A controversial claim by the supposed descendants of the 5th Duke (largely debunked by Michael Estorick in 1981) was made and failed, with the Lord Chancellor accepting the claim made by the 9th Duke of Leinster.[2]

Dukes of Leinster, first Creation (1691)[edit]

Earls of Kildare (1316)[edit]

Ireland in 1450, with the Earldom of Kildare shown just southwest of the Pale
Other titles: Lord of Offaly (c. 1193–?)
Other titles (11th–13th Earls): Earl of Kildare and Baron of Offaly (1554)
Other titles (20th Earl): Viscount Leinster, of Taplow in the County of Buckingham (GB 1747)

Marquesses of Kildare (1761)[edit]

Other titles: Earl of Kildare (1316), Earl of Offaly (1761), Viscount Leinster, of Taplow in the County of Buckingham (GB 1747) and Lord of Offaly (c. 1193–?)

Dukes of Leinster, second Creation (1766)[edit]

Other titles: Marquesse of Kildare (1761), Earl of Kildare (1316), Earl of Offaly (1761), Viscount Leinster, of Taplow in the County of Buckingham (GB 1747) and Lord of Offaly (c. 1193–?)
Other titles (4th Duke onwards): Baron Kildare (UK 1870)

The heir presumptive is the 8th Duke's younger son Lord John FitzGerald (b. 1952)

Line of succession[edit]

  1. Lord John FitzGerald (b. 1952) (younger son of the 8th Duke)
  2. Edward FitzGerald (b. 1988) (only son of Lord John)
  3. Peter Charles FitzGerald (b. 1925) (grandson of Lord Charles FitzGerald, fifth son of the 4th Duke)
  4. Stephen Peter FitzGerald (b. 1953) (only son of Peter FitzGerald)

Coat of arms[edit]

The coat of arms of the Dukes of Leinster derives from the legend that John FitzGerald, 1st Earl of Kildare, as a baby in Woodstock Castle, was trapped in a fire when a pet monkey rescued him. The FitzGeralds then adopted a monkey as their crest (and later supporters) and occasionally use the additional motto Non immemor beneficii (Not forgetful of a helping hand).[4] The motto "Crom A Boo" comes from the medieval Croom Castle and "Abu", meaning "up" in Irish; Crom Abu was the FitzGeralds' medieval warcry. Crom (Croom) and Shanet (Shanid) were two castles about 16 miles apart in Co Limerick, one being the seat of the Geraldines of Kildare, and the other that of the Geraldines of Desmond, whose distinctive war cries were accordingly “Crom-a-boo” and “Shanet-a-boo.” In 1495 an act of Parliament was passed (10 Hen. VII. C. 20) “to abolish the words Crom-a-boo and Butler-a-boo.” The word “Abu” or “Aboo,” an exclamation of defiance, was the usual termination of the war cries in Ireland, as in a' buaidh, "to victory!"[5]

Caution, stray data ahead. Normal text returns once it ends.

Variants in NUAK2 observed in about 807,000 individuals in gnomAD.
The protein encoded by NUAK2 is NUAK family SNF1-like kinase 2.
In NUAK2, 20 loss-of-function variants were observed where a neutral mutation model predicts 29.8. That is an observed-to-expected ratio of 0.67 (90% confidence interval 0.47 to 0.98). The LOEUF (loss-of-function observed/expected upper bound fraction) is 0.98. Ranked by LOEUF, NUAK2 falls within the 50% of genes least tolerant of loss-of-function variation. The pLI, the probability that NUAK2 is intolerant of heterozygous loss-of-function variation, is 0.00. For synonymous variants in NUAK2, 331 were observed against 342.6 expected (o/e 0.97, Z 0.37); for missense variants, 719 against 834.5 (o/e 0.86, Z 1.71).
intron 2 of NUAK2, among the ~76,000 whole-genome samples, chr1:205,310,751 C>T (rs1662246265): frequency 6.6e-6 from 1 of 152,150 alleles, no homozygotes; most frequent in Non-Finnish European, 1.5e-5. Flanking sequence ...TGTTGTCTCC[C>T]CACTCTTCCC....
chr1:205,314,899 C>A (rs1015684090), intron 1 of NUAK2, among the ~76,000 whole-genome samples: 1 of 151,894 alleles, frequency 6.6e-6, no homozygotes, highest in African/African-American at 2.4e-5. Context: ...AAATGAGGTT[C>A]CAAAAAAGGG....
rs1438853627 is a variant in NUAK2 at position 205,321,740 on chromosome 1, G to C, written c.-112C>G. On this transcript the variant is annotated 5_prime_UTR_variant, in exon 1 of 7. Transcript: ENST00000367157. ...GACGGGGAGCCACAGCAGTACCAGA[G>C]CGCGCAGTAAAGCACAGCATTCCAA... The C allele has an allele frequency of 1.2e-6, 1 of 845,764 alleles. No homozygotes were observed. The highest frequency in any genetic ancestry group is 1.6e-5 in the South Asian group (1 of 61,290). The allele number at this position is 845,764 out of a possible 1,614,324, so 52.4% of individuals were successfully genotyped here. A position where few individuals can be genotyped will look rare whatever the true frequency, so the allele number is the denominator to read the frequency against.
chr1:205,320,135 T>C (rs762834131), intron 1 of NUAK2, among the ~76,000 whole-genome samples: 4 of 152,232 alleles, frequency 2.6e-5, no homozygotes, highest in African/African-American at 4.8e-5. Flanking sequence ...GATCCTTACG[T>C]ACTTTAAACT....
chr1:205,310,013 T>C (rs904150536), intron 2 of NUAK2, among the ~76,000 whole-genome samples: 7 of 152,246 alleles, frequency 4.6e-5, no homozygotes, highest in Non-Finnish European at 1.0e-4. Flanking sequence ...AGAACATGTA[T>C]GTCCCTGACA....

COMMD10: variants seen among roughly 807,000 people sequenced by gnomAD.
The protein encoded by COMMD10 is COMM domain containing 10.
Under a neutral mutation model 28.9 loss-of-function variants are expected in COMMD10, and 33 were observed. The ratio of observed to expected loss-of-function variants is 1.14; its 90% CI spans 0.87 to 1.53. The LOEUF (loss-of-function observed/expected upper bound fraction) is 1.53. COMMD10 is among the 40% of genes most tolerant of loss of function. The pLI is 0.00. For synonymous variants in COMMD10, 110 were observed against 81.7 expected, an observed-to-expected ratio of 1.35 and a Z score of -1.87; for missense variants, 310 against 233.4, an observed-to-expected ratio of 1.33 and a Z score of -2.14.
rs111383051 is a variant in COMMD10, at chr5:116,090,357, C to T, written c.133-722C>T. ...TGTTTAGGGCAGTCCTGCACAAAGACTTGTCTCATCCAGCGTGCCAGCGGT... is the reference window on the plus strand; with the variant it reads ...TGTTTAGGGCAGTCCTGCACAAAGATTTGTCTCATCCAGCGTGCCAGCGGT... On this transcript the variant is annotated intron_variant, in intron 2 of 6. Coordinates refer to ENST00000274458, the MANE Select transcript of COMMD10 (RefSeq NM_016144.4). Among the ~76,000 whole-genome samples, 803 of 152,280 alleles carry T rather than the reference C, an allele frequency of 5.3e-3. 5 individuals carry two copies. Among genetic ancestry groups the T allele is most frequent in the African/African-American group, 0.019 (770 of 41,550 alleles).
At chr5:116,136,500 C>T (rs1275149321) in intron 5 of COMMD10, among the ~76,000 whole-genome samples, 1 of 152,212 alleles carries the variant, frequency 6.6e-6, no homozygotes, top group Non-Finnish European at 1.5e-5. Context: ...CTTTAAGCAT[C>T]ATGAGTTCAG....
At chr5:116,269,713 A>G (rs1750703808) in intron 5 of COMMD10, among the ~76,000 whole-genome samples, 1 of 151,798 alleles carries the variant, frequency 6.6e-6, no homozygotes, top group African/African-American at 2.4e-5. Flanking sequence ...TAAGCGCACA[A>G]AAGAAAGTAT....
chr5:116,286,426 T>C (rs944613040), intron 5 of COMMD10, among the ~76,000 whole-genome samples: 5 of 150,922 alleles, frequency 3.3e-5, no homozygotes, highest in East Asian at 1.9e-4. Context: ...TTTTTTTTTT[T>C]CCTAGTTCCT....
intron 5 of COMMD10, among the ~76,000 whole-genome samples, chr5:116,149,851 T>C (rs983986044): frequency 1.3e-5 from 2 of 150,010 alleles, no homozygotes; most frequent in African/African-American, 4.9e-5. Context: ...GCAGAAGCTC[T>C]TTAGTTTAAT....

• Arms: Argent a saltire gules.
  • Crest: A monkey statant proper environed about the middle with a plain collar and chained or.
  • Supporters: Two monkeys, environed and chained as in the crest.
  • Motto: Crom a boo (Now it would be spelt "Crom Abu". In English, "Up Croom", or "Croom to victory."

Further reading[edit]

  • Estorick, Michael. Heirs & Graces: the Claim to the Dukedom of Leinster. Weidenfeld & Nicolson, 1981.
  • Fitzgerald, Alan John, Barons,Rebels & Romantics: the Fitzgeralds' First Thousand Years. 1stBooks Library, 2004

See also[edit]

References[edit]

  1. ^ Fox-Davies, Arthur Charles (1904) [1986]. The Art of Heraldry: An Encyclopædia of Armory. London: Bloomsbury Books. p. 485. ISBN 0-906223-34-2. 
  2. ^ Peterkin, Tom. Battle over Irish dukedom settled, Daily Telegraph, April 21, 2007. Accessed June 12, 2008.
  3. ^ Noble, Mark (1806). A biographical history of England, from the Revolution to the end of George I's reign. p. 180. Retrieved 15 September 2013. 
  4. ^ Burke's Peerage and Gentry
  5. ^ Complete Peerage. (1890) Vol III. (D-F) p358 "Fitz-Gerald of Offaly".